On the international front, we successfully hosted the 13th ASEAN Summit. This was a significant milestone in regional cooperation. The countries signed the ASEAN Charter to make ASEAN a more effective and cohesive organisation, and adopted a Blueprint to create the ASEAN Economic Community by 2015.
In this globalised world, more and more Singaporeans study and work abroad. We need to keep in touch with them, and help them to stay engaged with home both in heart and in mind.
The Overseas Singaporean Unit has been reaching out to the Singaporean diaspora around the world. Ministers, senior officials and business leaders meet up with overseas Singaporeans when they travel. In April we held the first “Singapore Day” in New York City, which attracted 6,000 Singaporeans. These efforts help to strengthen our sense of belonging and national identity.
I am cautiously optimistic on the outlook for 2008. The US may go into a recession because of the financial market problems. A US downturn would affect Asia too, but the impact on us would be offset somewhat by the strong momentum in the dynamic Asian economies.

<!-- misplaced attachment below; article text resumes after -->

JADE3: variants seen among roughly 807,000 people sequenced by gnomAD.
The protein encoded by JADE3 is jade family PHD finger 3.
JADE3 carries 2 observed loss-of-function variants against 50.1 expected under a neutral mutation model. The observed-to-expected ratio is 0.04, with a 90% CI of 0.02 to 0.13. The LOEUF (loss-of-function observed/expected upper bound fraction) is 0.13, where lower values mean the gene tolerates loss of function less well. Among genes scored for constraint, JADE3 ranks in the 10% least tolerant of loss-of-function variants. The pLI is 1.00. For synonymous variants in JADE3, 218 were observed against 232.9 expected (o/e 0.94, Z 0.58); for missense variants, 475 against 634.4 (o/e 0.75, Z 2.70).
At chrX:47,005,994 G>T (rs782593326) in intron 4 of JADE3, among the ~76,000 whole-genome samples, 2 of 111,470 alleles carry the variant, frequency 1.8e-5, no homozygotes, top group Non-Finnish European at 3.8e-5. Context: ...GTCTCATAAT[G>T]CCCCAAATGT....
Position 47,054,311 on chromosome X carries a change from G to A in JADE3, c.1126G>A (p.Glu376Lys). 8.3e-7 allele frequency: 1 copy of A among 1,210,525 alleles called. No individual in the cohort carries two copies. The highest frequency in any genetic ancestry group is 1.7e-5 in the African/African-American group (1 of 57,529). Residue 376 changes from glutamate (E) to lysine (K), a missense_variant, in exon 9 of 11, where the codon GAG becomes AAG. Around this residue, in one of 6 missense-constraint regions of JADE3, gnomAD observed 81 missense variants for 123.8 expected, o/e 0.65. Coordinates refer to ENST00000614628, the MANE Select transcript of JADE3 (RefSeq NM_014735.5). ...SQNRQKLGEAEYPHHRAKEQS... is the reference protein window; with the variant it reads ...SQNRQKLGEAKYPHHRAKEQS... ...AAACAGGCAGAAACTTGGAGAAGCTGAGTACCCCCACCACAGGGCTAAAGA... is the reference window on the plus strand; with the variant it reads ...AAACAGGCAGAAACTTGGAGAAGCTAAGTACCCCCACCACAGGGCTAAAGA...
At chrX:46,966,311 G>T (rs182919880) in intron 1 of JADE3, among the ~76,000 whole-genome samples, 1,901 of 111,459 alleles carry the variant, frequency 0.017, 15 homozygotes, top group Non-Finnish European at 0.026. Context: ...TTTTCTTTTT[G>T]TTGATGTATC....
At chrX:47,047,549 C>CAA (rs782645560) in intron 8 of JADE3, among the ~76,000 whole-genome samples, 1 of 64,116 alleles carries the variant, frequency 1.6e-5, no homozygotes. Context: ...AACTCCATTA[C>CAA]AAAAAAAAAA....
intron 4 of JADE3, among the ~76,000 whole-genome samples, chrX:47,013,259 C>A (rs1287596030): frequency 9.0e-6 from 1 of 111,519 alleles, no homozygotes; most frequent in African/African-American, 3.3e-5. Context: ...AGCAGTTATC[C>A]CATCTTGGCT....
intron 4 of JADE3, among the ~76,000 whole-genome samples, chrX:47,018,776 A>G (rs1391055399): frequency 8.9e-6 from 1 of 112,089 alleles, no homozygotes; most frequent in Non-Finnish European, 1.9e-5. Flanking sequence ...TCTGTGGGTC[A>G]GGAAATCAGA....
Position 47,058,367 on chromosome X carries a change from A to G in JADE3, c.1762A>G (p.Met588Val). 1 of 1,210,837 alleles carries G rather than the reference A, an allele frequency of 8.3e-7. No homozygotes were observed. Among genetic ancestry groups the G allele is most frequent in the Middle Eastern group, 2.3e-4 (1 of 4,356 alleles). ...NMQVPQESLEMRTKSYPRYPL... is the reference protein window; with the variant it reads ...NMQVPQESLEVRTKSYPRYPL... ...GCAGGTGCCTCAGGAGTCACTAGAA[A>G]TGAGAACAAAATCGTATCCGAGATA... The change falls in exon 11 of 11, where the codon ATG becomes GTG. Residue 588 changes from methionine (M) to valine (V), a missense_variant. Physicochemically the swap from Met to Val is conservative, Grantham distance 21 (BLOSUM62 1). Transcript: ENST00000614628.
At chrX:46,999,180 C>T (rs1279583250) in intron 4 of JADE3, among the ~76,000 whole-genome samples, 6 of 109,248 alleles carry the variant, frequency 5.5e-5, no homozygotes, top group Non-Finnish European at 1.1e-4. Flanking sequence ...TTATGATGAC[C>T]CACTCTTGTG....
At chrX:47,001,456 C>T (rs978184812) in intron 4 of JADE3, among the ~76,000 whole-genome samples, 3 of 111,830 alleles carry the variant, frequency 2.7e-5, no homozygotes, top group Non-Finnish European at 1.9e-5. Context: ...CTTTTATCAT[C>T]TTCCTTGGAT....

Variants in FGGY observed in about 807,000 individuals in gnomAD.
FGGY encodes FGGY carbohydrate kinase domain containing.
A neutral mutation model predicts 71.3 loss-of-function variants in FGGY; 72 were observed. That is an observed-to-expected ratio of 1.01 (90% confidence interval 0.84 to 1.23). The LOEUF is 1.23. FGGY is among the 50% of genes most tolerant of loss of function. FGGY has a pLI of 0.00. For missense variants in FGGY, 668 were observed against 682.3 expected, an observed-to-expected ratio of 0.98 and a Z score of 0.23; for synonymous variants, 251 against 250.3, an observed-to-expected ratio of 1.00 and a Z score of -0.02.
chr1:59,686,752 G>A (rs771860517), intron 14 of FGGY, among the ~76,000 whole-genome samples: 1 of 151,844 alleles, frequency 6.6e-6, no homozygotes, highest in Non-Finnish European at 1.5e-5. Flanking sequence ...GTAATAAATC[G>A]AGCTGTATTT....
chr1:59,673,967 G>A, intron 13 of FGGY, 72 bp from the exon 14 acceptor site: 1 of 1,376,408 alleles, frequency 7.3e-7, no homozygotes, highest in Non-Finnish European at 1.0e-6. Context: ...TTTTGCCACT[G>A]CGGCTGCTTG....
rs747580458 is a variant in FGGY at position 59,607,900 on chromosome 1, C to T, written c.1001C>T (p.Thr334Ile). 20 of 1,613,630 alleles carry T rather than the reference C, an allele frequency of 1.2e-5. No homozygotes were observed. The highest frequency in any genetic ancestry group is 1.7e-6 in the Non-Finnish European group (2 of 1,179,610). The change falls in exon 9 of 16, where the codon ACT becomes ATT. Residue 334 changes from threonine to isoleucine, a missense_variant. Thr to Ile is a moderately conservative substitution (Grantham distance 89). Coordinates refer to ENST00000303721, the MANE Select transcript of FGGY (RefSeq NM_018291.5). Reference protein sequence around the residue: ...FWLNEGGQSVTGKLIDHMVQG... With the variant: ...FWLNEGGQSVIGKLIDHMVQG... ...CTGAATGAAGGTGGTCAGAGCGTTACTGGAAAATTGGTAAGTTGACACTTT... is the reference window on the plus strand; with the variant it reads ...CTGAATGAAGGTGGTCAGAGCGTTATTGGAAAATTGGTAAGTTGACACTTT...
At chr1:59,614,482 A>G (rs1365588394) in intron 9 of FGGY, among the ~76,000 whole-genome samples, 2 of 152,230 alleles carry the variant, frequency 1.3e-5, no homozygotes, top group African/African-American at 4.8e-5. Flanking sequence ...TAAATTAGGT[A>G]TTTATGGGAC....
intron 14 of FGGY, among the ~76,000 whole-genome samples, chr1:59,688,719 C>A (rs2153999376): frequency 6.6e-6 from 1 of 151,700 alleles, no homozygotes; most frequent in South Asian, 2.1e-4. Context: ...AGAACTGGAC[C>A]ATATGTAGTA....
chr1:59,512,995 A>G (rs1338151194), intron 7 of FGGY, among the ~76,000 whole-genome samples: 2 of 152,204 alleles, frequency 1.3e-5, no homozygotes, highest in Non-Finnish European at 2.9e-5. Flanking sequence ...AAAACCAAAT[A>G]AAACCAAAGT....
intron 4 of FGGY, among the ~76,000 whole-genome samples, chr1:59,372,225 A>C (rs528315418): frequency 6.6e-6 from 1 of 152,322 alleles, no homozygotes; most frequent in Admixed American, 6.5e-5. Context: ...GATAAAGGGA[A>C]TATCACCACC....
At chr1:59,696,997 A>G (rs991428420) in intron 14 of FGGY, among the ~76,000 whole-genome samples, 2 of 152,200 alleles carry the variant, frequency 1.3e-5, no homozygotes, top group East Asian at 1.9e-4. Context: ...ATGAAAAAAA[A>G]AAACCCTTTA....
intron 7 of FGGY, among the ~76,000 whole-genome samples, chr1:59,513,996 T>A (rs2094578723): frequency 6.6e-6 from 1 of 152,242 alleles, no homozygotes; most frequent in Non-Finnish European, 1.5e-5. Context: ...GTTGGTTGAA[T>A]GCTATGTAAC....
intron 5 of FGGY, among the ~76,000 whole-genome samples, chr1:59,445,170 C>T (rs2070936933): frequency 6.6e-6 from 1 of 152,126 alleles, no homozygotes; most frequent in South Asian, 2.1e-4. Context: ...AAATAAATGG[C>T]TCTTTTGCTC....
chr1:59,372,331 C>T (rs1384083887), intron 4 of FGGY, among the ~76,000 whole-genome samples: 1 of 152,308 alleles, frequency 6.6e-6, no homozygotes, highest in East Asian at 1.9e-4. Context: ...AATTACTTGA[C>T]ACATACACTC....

At home, 2008 will see the realisation of several major projects. The Singapore Flyer will be up in March, and the inaugural F1 Singapore Grand Prix – the first F1 night race ever – will flag off in September.
The Marina Barrage will create a freshwater lake, buzzing with activity in the heart of the city. Work on the two Integrated Resorts is in full swing, and should be completed by 2010. As these plans progressively fall into place, we can look forward to a more exciting and vibrant city landscape.
Internationally we will continue to expand our economic space, seize opportunities all over Asia and tap new areas of growth. A more diversified economy will weather external shocks better. All things considered, we expect to grow by 4.5-6.5% in 2008.